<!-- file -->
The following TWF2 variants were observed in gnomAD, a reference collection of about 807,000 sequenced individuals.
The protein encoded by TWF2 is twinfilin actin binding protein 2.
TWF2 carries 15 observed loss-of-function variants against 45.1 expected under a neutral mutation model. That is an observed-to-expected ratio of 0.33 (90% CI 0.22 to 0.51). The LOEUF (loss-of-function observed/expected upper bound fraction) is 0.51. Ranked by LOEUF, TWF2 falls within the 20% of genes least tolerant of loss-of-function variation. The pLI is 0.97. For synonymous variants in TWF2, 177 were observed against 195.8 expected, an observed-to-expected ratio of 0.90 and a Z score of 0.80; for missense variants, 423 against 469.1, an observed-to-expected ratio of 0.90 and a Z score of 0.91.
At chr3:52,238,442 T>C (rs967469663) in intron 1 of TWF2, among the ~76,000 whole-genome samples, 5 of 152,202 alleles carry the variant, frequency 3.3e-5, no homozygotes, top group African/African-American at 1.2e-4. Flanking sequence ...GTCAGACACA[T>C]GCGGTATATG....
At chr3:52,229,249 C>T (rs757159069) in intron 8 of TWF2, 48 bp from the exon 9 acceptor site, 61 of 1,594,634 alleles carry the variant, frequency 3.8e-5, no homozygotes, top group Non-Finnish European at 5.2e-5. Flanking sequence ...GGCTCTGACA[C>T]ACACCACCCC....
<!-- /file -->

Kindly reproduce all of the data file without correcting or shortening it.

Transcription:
The following TWF2 variants were observed in gnomAD, a reference collection of about 807,000 sequenced individuals.
The protein encoded by TWF2 is twinfilin actin binding protein 2.
TWF2 carries 15 observed loss-of-function variants against 45.1 expected under a neutral mutation model. That is an observed-to-expected ratio of 0.33 (90% CI 0.22 to 0.51). The LOEUF (loss-of-function observed/expected upper bound fraction) is 0.51. Ranked by LOEUF, TWF2 falls within the 20% of genes least tolerant of loss-of-function variation. The pLI is 0.97. For synonymous variants in TWF2, 177 were observed against 195.8 expected, an observed-to-expected ratio of 0.90 and a Z score of 0.80; for missense variants, 423 against 469.1, an observed-to-expected ratio of 0.90 and a Z score of 0.91.
At chr3:52,238,442 T>C (rs967469663) in intron 1 of TWF2, among the ~76,000 whole-genome samples, 5 of 152,202 alleles carry the variant, frequency 3.3e-5, no homozygotes, top group African/African-American at 1.2e-4. Flanking sequence ...GTCAGACACA[T>C]GCGGTATATG....
At chr3:52,229,249 C>T (rs757159069) in intron 8 of TWF2, 48 bp from the exon 9 acceptor site, 61 of 1,594,634 alleles carry the variant, frequency 3.8e-5, no homozygotes, top group Non-Finnish European at 5.2e-5. Flanking sequence ...GGCTCTGACA[C>T]ACACCACCCC....